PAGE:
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First Confession
by [?]

Before I could even get to my feet to defend myself she bent down and gave me a clip across the ear. This reminded me that I was so stunned I had even forgotten to cry, so that people might think I wasn’t hurt at all, when in fact I was probably maimed for life. I gave a roar out of me.

“What’s all this about? “the priest hissed, getting angrier than ever and pushing Nora off me.”How dare you hit the child like that, you little vixen?”

“But I can’t do my penance with him, father,” Nora cried, cocking an outraged eye up at him.

“Well, go and do it, or I’ll give you some more to do,” he said, giving me a hand up.”Was it coming to confession you were, my poor man?” he asked me.

“‘Twas, father,” said I with a sob.

“Oh,” he said respectfully, “a big hefty fellow like you must have terrible sins. Is this your first?”

‘Tis, father,” said I.

“Worse and worse,” he said gloomily.”The crimes of a lifetime. I don’t know will I get rid of you at all today. You’d better wait now till I’m finished with these old ones. You can see by the looks of them they haven’t much to tell.”

“I will, father,” I said with something approaching joy.

The relief of it was really enormous. Nora stuck out her tongue at me from behind his back, but I couldn’t even be bothered retorting. I knew from the very moment that man opened his mouth that he was intelligent above the ordinary. When I had time to think, I saw how right I was. It only stood to reason that a fellow confessing after seven years would have more to tell than people that went every week. The crimes of a lifetime, exactly as he said. It was only what he expected, and the rest was the cackle of old women and girls with their talk of hell, the bishop, and the penitential psalms. That was all they knew. I started to make my examination of conscience, and barring the one bad business of my grandmother, it didn’t seem so bad.

The next time, the priest steered me into the confession box himself and left the shutter back, the way I could see him get in and sit down at the further side of the grille from me.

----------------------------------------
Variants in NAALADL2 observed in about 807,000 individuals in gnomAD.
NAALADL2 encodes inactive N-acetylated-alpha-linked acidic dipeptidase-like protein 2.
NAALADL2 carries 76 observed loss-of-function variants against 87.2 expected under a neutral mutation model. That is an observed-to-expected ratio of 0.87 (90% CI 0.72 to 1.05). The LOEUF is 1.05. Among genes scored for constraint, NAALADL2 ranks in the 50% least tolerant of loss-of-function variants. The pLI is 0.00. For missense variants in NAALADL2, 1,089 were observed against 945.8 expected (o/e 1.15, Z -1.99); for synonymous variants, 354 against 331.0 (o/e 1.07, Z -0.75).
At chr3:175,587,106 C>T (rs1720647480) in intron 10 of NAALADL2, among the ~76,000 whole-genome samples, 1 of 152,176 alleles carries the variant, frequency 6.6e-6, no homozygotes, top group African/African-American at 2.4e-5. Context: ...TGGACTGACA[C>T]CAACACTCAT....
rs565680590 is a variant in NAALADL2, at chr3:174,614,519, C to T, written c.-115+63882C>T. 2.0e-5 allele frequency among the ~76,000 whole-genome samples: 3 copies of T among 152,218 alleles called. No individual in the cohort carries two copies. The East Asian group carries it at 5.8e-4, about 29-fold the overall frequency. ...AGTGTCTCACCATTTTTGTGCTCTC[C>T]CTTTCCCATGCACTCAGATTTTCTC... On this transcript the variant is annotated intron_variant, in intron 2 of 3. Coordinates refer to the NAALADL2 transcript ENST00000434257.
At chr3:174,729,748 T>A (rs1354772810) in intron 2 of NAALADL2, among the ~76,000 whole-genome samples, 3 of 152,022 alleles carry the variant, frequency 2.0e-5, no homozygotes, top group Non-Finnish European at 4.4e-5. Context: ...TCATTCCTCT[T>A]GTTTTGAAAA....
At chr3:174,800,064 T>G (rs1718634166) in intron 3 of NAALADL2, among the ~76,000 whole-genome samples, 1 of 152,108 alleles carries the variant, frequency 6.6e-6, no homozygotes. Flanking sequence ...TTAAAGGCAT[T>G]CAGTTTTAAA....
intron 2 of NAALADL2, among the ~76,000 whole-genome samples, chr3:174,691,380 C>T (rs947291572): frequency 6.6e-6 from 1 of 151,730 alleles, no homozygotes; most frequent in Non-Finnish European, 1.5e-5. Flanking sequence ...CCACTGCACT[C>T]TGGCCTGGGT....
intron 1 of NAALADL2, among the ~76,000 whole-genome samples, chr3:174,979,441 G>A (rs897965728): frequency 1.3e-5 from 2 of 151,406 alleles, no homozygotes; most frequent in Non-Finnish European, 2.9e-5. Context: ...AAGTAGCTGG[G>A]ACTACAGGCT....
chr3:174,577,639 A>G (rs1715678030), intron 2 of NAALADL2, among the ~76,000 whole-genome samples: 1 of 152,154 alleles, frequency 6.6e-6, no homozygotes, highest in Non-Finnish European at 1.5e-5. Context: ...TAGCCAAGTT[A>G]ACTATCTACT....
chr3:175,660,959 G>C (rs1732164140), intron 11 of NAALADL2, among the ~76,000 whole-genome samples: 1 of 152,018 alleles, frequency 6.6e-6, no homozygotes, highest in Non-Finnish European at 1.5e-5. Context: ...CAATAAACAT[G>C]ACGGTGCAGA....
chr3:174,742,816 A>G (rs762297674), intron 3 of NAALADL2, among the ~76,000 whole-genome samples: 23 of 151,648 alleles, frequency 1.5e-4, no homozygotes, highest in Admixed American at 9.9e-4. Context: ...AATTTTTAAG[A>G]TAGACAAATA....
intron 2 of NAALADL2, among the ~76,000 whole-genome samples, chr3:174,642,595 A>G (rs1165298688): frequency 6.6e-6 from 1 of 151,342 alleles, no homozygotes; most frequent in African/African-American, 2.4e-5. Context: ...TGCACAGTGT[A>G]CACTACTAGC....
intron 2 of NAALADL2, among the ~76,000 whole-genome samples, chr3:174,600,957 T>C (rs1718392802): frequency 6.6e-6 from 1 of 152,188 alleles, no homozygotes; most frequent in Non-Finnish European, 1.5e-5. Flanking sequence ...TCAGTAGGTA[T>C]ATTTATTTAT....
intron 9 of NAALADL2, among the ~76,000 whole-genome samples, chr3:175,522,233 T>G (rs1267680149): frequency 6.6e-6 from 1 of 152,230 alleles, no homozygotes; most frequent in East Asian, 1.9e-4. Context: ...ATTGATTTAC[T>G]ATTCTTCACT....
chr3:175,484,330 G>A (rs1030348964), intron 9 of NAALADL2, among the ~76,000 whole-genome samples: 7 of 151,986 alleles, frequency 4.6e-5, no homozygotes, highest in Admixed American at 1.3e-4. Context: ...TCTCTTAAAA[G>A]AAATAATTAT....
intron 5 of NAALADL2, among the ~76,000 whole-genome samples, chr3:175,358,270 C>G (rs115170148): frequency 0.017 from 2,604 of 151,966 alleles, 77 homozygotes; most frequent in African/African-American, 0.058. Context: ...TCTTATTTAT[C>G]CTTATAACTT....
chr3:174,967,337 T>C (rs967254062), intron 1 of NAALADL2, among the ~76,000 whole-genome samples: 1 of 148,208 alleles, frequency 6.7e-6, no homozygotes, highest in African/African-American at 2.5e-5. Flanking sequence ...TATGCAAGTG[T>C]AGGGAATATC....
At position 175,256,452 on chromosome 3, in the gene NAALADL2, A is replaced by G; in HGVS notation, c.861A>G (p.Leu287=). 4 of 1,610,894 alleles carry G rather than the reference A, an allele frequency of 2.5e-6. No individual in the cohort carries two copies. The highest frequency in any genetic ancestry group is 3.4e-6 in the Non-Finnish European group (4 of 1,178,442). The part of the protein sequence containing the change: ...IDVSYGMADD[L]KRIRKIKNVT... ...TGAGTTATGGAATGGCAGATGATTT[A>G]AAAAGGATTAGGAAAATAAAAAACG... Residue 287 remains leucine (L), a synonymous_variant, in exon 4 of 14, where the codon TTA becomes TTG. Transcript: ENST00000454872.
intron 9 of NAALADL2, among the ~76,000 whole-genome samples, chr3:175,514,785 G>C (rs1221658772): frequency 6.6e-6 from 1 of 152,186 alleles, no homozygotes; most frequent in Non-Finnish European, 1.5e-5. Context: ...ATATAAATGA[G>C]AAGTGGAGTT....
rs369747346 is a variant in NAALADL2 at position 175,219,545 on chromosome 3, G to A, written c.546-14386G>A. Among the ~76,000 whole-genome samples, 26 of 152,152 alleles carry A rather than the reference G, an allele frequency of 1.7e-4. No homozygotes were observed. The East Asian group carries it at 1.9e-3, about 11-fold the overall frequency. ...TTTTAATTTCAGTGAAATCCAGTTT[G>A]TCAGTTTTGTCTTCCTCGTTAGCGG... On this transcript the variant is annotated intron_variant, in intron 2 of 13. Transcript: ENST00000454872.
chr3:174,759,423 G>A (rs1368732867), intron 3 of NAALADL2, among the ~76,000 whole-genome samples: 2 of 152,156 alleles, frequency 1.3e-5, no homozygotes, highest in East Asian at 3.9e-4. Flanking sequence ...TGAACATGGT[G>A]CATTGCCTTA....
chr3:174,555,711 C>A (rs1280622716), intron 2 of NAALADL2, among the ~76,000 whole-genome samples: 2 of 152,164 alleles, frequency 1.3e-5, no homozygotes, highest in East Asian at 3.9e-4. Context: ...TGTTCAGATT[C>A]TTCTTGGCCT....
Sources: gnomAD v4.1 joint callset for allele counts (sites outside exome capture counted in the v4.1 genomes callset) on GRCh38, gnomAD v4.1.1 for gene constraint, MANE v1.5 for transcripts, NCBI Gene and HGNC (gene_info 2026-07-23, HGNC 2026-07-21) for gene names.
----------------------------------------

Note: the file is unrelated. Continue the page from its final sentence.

“Well, now,” he said, “what do they call you?”

“Jackie, father,” said I.

“And what’s a-trouble to you, Jackie?”

Father,” I said, feeling I might as well get it over while I had him in good humour, “I had it all arranged to kill my grandmother.”

He seemed a bit shaken by that, all right, because he said nothing for quite a while.

“My goodness,” he said at last, “that’d be a shocking thing to do. What put that into your head?”

Father,” I said, feeling very sorry for myself, ” she’s an awful woman.

Is she? ” he asked.” What way is she awful?

She takes porter, father,” I said, knowing well from the way Mother talked of it that this was a mortal sin, and hoping it would make the priest take a more favourable view of my case.

“Oh, my ! ” he said, and I could see he was impressed.

“And snuff, father,” said I.

“That’s a bad case, sure enough, Jackie,” he said.

“And she goes round in her bare feet, father,” I went on in a rush of self-pity, “and she knows I don’t like her, and she gives pennies to Nora and none to me, and my da sides with her and flakes me, and one night I was so heart-scalded I made up my mind I’d have to kill her.”

“And what would you do with the body? “he asked with great interest.

“I was thinking I could chop that up and carry it away in a barrow I have,” I said.

“Begor, Jackie,” he said, “do you know you’re a terrible child?

“I know, father,” I said, for I was just thinking the same thing myself.”I tried to kill Nora too with a bread-knife under the table, only I missed her.”